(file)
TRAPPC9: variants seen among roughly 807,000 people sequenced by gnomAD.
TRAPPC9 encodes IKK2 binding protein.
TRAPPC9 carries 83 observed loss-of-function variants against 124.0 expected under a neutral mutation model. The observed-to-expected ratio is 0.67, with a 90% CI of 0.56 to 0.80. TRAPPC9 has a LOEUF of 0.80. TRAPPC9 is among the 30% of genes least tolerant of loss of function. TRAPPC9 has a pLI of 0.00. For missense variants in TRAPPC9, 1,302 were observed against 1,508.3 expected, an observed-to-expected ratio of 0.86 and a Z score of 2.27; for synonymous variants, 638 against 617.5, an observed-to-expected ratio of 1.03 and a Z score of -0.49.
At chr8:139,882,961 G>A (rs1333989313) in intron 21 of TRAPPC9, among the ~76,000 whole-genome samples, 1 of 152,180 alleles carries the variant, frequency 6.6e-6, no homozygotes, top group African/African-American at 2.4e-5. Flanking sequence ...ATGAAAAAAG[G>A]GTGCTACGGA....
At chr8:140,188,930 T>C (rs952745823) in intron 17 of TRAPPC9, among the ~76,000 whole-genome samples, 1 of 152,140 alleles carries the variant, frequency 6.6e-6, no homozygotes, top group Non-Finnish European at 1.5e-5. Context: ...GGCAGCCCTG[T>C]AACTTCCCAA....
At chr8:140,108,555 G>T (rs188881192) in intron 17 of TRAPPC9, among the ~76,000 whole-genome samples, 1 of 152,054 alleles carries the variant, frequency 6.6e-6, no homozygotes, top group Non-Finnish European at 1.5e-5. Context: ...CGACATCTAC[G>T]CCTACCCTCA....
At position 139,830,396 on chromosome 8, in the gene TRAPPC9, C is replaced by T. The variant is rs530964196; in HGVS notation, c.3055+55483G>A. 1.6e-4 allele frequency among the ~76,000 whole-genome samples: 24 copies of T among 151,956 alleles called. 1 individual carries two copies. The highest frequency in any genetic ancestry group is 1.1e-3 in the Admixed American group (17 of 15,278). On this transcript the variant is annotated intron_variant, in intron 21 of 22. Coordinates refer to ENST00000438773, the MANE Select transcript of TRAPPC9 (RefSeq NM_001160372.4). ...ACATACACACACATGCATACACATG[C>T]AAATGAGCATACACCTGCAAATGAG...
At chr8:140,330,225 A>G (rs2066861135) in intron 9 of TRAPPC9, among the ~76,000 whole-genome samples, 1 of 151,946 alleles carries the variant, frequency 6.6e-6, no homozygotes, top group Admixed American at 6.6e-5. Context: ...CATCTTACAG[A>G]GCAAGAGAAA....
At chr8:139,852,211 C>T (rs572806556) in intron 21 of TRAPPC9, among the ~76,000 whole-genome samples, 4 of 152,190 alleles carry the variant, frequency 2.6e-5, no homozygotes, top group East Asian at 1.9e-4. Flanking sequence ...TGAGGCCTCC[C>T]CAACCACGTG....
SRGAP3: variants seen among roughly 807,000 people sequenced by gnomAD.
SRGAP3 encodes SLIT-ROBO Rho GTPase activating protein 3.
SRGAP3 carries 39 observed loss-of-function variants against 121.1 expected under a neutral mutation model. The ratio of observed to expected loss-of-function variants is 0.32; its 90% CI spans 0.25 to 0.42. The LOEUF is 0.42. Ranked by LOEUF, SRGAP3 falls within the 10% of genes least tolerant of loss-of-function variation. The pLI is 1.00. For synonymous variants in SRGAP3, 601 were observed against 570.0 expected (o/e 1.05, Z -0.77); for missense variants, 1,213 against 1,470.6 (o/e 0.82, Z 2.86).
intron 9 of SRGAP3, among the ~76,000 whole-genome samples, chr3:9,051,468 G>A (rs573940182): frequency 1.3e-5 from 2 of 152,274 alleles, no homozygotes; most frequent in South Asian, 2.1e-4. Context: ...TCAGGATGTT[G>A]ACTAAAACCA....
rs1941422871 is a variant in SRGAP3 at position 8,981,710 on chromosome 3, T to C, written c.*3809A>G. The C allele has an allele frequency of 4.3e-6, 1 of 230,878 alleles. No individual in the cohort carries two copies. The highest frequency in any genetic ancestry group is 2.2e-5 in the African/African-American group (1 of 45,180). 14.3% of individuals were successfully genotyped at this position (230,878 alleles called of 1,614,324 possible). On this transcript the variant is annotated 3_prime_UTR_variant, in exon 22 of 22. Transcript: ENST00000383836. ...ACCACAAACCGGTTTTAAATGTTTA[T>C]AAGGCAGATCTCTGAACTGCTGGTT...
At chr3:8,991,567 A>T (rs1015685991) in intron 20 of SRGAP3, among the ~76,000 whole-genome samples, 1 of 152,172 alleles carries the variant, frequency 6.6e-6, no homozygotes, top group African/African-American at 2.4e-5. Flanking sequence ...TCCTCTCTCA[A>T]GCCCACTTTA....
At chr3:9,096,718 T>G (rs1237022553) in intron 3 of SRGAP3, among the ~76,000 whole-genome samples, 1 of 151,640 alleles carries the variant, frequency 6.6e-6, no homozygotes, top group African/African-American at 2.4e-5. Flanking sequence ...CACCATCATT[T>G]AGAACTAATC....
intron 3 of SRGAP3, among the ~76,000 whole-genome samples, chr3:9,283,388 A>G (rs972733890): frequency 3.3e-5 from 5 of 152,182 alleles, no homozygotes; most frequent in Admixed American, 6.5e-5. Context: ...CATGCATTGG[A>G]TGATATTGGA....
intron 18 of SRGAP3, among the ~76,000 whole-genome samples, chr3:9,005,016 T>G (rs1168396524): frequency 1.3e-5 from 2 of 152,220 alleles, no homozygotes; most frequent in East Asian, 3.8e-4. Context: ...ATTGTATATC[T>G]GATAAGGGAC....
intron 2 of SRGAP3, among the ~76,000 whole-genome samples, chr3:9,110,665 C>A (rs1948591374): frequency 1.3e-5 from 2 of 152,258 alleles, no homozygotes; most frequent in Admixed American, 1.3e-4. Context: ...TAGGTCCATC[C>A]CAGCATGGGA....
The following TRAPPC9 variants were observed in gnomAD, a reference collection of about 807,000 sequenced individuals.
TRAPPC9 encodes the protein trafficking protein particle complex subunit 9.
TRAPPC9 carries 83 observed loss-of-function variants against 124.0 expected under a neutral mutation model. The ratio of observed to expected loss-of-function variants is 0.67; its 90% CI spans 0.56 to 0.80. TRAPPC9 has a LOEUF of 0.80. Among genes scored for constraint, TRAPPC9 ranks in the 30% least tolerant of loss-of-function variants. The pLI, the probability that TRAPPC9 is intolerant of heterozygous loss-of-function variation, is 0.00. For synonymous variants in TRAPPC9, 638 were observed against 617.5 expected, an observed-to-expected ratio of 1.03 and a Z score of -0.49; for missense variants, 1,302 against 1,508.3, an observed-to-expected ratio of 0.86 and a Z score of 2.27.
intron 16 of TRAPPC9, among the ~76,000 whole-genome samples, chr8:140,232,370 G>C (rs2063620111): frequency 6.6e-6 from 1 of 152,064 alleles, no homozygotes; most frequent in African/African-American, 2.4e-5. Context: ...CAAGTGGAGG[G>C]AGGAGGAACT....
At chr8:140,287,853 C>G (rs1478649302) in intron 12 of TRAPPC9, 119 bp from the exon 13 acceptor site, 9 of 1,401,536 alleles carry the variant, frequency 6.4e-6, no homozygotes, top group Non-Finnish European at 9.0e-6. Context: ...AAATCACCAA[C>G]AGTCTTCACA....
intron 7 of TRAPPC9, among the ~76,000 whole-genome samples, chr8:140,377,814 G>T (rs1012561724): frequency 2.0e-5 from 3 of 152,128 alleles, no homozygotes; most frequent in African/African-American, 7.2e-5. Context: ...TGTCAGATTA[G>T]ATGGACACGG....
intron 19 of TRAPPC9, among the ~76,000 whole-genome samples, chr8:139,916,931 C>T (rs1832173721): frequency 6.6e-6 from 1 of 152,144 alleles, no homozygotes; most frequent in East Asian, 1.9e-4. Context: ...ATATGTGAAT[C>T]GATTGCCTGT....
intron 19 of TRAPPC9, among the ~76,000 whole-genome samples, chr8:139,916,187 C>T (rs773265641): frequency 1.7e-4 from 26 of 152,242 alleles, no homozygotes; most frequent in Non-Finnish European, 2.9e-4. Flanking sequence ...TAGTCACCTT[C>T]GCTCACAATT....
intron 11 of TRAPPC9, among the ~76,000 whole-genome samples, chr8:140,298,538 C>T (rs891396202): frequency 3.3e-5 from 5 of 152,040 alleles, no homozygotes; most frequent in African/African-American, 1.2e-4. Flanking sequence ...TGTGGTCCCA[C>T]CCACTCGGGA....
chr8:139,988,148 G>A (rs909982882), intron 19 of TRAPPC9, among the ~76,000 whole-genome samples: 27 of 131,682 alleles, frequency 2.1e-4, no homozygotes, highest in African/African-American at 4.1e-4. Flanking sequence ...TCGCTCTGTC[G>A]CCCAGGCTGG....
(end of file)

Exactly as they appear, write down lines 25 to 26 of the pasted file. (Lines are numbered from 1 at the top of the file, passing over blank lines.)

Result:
intron 7 of TRAPPC9, among the ~76,000 whole-genome samples, chr8:140,377,814 G>T (rs1012561724): frequency 2.0e-5 from 3 of 152,128 alleles, no homozygotes; most frequent in African/African-American, 7.2e-5. Context: ...TGTCAGATTA[G>T]ATGGACACGG....
intron 19 of TRAPPC9, among the ~76,000 whole-genome samples, chr8:139,916,931 C>T (rs1832173721): frequency 6.6e-6 from 1 of 152,144 alleles, no homozygotes; most frequent in East Asian, 1.9e-4. Context: ...ATATGTGAAT[C>T]GATTGCCTGT....